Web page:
DISCLAIMER: NCIS and its characters are the property of CBS, no infringement intended.
AUTHOR'S NOTE: Title and summary from the Leonard Cohen song "Dance Me to The End of Love."
ARCHIVING: Only with the permission of the author.
When the Witnesses are Gone
Here they come now, down the stone steps of the church. I back up a step and hit the side of a car, turning and glaring at the machine as if it got in my way on purpose. I lift the camera and snap a few photos of the happy bride and groom, bemoaning the fact that no one throws rice anymore. Yeah, yeah, I know, it's bad for the birds. But as a wedding photographer, this bubble crap is really killing the mood. Rice had a presence, a feel. Bubbles... blah.
The bride and groom are in the limo now and I'm all but done. I reload the camera for one last shot of the limo pulling away, hating to waste an entire roll for just one shot but knowing the bride will rip me a new one if I miss this chance. So I snap the photo and I'm left with 26 exposures. I go walking, abandoning the church and searching for anything photo-worthy.
There's a red robin on a tree branch. Some rosebuds are in bloom. I turn the corner and find myself in the courtyard in front of the public library. There's a crowd milling about, mostly students in various stages of panic due to one deadline or another. In the center of the steps, two women draw my attention.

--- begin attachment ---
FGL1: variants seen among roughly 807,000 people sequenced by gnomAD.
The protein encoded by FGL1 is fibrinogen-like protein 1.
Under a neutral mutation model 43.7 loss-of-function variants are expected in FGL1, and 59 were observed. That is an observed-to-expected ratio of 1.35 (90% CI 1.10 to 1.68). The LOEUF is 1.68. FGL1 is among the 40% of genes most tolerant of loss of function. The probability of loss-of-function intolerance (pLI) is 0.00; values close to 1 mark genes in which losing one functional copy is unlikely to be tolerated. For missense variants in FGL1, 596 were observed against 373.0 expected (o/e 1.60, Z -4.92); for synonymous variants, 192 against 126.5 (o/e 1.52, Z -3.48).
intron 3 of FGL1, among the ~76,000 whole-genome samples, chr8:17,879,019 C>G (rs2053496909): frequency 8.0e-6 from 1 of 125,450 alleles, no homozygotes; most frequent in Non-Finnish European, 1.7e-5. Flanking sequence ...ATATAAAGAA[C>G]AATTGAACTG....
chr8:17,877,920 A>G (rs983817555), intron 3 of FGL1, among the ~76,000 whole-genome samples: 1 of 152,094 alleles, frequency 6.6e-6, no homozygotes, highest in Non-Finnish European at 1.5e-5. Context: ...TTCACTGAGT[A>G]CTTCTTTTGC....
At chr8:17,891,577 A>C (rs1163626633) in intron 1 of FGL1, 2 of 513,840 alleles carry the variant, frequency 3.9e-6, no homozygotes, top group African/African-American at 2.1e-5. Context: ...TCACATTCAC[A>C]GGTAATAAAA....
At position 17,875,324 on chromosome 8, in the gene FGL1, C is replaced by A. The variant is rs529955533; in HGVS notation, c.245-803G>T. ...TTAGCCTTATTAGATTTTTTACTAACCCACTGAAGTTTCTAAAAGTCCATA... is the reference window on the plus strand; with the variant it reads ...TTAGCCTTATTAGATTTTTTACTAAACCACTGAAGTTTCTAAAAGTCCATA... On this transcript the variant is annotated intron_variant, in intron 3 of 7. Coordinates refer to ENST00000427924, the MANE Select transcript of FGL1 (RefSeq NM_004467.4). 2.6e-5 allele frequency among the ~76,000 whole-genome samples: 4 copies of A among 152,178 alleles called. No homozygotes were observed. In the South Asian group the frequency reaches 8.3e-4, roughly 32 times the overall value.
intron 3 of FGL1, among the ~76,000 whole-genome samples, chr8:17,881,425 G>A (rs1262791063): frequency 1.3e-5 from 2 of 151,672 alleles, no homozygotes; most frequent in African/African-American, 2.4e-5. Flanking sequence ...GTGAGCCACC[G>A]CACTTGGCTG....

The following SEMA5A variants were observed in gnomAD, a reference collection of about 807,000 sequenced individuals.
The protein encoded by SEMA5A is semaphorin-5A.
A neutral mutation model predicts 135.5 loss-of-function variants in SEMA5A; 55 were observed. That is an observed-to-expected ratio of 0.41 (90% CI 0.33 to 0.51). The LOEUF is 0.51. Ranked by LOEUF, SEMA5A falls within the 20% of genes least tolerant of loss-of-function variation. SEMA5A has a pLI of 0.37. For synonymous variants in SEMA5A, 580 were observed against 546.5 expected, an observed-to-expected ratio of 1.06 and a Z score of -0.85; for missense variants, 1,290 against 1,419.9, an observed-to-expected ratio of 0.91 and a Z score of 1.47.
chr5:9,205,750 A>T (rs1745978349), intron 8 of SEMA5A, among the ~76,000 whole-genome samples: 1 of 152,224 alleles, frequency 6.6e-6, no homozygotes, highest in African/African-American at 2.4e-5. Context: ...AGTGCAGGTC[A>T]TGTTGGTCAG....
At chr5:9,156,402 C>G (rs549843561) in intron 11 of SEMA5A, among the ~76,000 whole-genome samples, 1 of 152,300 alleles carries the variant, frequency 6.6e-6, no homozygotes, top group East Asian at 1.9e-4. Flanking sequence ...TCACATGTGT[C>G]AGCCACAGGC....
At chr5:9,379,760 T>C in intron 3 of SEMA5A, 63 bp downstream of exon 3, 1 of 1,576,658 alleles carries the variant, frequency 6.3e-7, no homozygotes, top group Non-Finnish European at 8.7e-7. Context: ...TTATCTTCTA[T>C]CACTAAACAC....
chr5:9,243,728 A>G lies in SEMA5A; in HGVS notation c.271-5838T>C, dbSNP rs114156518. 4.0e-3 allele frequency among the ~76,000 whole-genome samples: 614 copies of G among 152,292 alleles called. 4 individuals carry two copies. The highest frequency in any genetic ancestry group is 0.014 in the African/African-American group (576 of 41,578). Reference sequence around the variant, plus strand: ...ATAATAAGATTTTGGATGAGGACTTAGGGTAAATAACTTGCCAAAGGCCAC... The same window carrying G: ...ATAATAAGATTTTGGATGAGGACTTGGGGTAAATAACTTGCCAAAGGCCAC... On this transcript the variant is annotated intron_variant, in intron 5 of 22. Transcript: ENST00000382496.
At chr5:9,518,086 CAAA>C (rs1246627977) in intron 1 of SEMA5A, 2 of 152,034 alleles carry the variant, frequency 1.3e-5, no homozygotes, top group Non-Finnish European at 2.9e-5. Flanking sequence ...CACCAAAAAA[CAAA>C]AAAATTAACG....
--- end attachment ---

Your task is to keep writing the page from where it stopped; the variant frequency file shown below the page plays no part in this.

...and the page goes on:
One is dressed in classic Goth attire; big heavy biker boots, a short black skirt, knee-high socks and a black t-shirt. Her face is pale, her jet black hair tied in twin ponytails. The woman she's holding hands with is her polar opposite. Straight brown hair, sensible shoes and a comfortable-looking suit ensemble.
The 'normal' one is laughing, pulling on the Goth's hands. It's not an honest attempt to get away; I get the feeling she could escape if she really wanted to. The Goth moves closer and leans in to bury her face in the other woman's hair. The other woman laughs loud enough for me to hear it and turns to kiss her partner's lips.
I bring the camera up and snap a few photos. I get the entire shot; the stone steps, the crowd standing around and not noticing, the clinging of hands on Sensible-Shoes' back. I wind the film, watching as Goth pulls away from the kiss. Her black-painted lips move as she says something to Sensible Shoes and they both laugh. Another kiss and Sensible Shoes breaks it this time. She looks around nervously, her head slightly ducked down as if to avoid being noticed. I gather this is their first public display of affection and Goth is much more at ease with it than Sensible Shoes is.
I snap some more photos, hoping to use the surrounding shots to form a panoramic view of the library courtyard. I snap a few more photos of the women as they walk away, holding hands and occasionally bumping shoulders. I wonder who they are, which one of them leads when all the witnesses are gone. Is Sensible Shoes more aggressive in the privacy of their bedroom? Does Goth become shy and awkward?
I take another picture as they walk away down the street, the tree branches hanging heavy with freshly-budding rosebuds stretching out above their heads. I wind the film and start walking again. Only three more shots before this roll of film is filled. I look over my shoulder and see that Goth and Sensible Shoes are already gone.
All-in-all, not a bad way to finish off a roll of film.
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